Page, left, with the 2,000th registered voter on campus, Dean Ecklund.
Name: Page Keating
Major: Biology and Anthropology
Hometown: New Rochelle, NY
Page: “A friend told me of the opportunity to apply to an Ambassador position with the Foundation at Stony Brook while I was studying abroad the spring of my sophomore year. I was asked to be interviewed upon my return by Ellen Driscoll, Assistant Dean of Students, and Steven Adelson, a senior at the time that brought the Foundation to Stony Brook University. Steven Adelson and I were the first ambassadors for Stony Brook and started immediately with freshman orientation, registering over 1,700 students that summer. In August, we met with 30 other ambassadors from all over the country to talk about civic engagement on campus and how we can help fellow students prepare to help our world be better.”What is the background of the Andrew Goodman Foundation?
“At the height of the Civil Rights Movement, Andrew (Andy) Goodman joined Freedom Summer ’64 to register African-Americans to vote. On Andy’s first day in Mississippi, he and two other civil rights workers, James Chaney and Michael Schwerner, were murdered by the Ku Klux Klan. The story of these three young men struck a public chord that galvanized support for the passage of the Voting Rights Act of 1965.”- Andrew Goodman Foundation
Page: “Andrew Goodman’s Family started the foundation to encourage young people to vote and make their voices heard. They celebrate local leaders and community changers through the Hidden Hero Awards, and college students through the Vote Everywhere Program.”
How many students have you registered so far and why does that matter?
Page: “We have registered a little over 2,900 since July 2016, and approximately 6,400 students since we started in July 2015. It is super important because it allows students to vote and for many it will be the first time they are able to exercise their right to vote. It also encourages students to start thinking how they factor into their communities and how they have an impact on where they live and the people in their communities. College is a time to figure out your place in society learn skills to make your community better, one of the most important ways to change something is to be civically engaged.”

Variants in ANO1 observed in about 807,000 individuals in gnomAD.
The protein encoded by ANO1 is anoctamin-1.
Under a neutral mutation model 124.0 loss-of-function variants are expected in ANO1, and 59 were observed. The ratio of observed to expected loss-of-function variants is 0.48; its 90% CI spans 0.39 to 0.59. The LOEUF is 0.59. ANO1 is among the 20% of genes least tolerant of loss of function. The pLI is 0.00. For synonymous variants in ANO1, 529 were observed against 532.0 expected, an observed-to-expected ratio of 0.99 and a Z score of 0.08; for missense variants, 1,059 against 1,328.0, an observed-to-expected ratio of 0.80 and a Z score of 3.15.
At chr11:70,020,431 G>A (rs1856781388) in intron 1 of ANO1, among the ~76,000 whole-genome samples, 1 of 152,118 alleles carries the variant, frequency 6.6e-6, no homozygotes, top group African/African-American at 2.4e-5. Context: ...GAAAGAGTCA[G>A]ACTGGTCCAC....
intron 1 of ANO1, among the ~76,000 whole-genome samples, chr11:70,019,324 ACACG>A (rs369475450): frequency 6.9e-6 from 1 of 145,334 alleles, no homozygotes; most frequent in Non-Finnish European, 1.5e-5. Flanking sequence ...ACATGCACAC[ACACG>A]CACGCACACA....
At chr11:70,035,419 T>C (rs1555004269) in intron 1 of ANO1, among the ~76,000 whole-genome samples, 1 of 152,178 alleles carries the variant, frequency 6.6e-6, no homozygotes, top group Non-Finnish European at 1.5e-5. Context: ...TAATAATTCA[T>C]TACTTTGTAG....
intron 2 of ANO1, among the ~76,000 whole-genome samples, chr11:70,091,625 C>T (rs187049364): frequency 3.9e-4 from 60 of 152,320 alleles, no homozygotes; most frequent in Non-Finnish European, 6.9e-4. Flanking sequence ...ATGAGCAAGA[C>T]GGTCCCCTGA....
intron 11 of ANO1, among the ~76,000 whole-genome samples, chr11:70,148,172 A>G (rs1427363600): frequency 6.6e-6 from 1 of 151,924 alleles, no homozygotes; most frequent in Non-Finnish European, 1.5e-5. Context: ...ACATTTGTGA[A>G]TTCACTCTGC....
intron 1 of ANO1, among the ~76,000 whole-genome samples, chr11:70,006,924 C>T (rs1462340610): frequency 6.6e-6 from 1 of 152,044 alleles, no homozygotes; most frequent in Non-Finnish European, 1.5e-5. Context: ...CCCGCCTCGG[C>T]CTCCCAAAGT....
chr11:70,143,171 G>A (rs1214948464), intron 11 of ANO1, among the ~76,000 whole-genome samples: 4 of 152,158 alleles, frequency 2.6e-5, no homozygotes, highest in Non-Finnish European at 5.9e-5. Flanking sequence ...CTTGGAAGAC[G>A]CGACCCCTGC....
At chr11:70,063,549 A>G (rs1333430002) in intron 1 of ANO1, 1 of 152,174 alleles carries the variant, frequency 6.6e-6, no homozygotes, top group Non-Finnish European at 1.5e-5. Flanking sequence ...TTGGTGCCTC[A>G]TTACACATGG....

Page, top left, at the Andy Goodman Foundation Ambassador Retreat
What do you think is at stake for these upcoming presidential and local elections for college students?
Page: “Students that live on campus or locally will be voting for a President, Senator and Congressional representative. All these elections will be vital to shaping the America that most students will be entering when leaving Stony Brook, whether it will influence their student loans, the job market, the deteriorating infrastructure or a plethora of issues that affects everyone. Every vote will be vital to determining the outcome of the election. It may seem like your vote will not count, but your vote will be your voice.”
What would you tell you someone who feels that their vote does not count?
Page: “There are a lot of ways your vote counts from the national level to the local level. There was a position up for election in Orange County in Fall 2015, and the winner won by two votes. Two of my friends voted in that election with absentee ballots, and their voices were the deciding votes. It is examples like this that should encourage people to understand the importance of their vote in who they want to represent their voice. I also have a philosophy that people cannot complain about what is going on in this country if they have never voted.”Where can Seawolves register to vote?
Page: “Vote Everywhere will be tabling in the SAC next week, Monday (10/10) through Thursday(10/13) from 10am to at least 5pm because the deadline for voter registration is October 14th. Any questions about civic engagement, voter registration and how to get involved, you can reach us at firstname.lastname@example.org and stonybrook.edu/vote! To learn more about Andrew Goodman and the Foundation, you can visit andrewgoodman.org.”